Abrams/Walker Arts Center 1989
264 pages, 390 illustrations, including 80 full-color plates.
10 x 10 book with 264 pages and 390 illustrations, including 80 full-color plates. One of the most thoughtfully-assembled and best-written histories of the graphic design movement in America. Highly recommended.
From the book: “During the past few decades the images of graphic design have come to play an increasingly significant role on the American scene. But despite their ubiquity and because they often serve commerce, these visual messages are seldom deemed significant or worthy of critical attention. Consequently, this book and the exhibition it accompanies, organized by the Walker Art Center in collaboration with the American Institute of Graphic Arts, comprise the first large-scale effort to examine America’s most pervasive art form. They review all of its aspects – from print through electronics, from the late nineteenth century to the present – in aesthetic terms and as a barometer of the society they reflect. An emblematic variety of design genres and issues is examined in the exhibition and the book, which includes essays by a number of today’s most astute design critics.”
During the early 1930s, when Paul Rand was a young designer, most American advertising and magazine layout was performed either by printers who followed established conventions or by commercial artists schooled in accepted graphic styles. The then dominant American "streamlined" forms were often nothing more than superficial coverings that allowed the old to appear new. Rand, however, influenced by European Modernism, embraced a functional, systematic, yet extraordinarily expressive approach to graphic design in both his editorial and advertising work. Though Rand’s approach for a book jacket is substantially different from that for a package design or a corporate identity, each solution is underscored by a sensibility that is grounded in wit, simplicity, and of course, appropriateness. In addition to his contributions to the design of books and magazines (he was art director of Esquire and Apparel Arts when he was only twenty-three years old), Rand has devised benchmark corporate identities for IBM, Westinghouse, United Parcel Service, and NeXT.
One summer I discovered an issue of Gebrauchsgrafik, the German advertising-art publication, in a little bookshop near the old Brooklyn Paramount theater. And in 1929 I saw my first copy of Commercial Art, a British publication that covered the most up-to-date trends in design. I also discovered the Bauhaus in an issue of that magazine. Those things were never mentioned at art school, so my education came essentially from magazines and books.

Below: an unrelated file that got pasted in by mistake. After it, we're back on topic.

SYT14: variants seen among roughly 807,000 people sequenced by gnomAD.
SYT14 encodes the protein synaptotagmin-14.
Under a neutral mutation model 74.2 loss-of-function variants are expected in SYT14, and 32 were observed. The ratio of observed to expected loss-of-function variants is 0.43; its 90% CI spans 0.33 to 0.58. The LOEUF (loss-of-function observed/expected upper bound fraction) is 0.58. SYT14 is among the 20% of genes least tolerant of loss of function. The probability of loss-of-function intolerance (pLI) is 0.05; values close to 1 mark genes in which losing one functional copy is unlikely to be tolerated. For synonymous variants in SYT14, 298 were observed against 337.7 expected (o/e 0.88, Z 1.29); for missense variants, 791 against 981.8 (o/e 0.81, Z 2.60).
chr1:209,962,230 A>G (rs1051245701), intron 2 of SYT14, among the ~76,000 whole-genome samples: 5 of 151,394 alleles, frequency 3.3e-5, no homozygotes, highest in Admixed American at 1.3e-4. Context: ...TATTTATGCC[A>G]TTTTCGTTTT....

The term graphic design was virtually unheard of in the 1920s. Even though in 1922 W.A. Dwiggins referred to it, it was not a generally accepted term. How could one know about Jan Tschichold in Pratt Institute, or in Brooklyn, or in Brownsville, or in East New York? One knew about "pool sharks" and icepick murders but not about Tschichold or the "new typography." Moholy-Nagy’s first American book, The New Vision , was, in a way, a papal bull for me. I thought that design had to be the way he described it ordered and systematized. System is a natural need for order. Whether one likes it or not, one lives by a system. You have breakfast every morning, you go to work, you go to sleep. That’s system.
If I was influenced by anything, it was architecture Le Corbusier in particular. If you don’t build a thing right, it’s going to cave in. And in a certain sense, you can apply this philosophy to graphic design. Fortunately, nobody’s going to die if you do the wrong thing. But that’s also one of its difficulties. There’s no easy check on bad work. But with architecture, there is—at least structurally.
European painting was also very important for me. When I was doing a cover for Direction, I was really trying to emulate the painters. I was trying to do the kind of work Van Doesburg, Leger, and Picasso were doing—to work in their spirit. But there are no rules, no magic bullet, just work. Even in advertising design my models were always painting and architecture: Picasso, Klee, Le Corbusier, and Leger. The model was not the advertising agency. There was always the implication that you do things willy-nilly simply to achieve a certain look. Nonsense. Everything one does must make sense, must be practical, because the problems are practical ones. In this regard design differs from painting. But the formal problems are identical. One still must cope with issues of color, proportion, scale, and myriad relationships.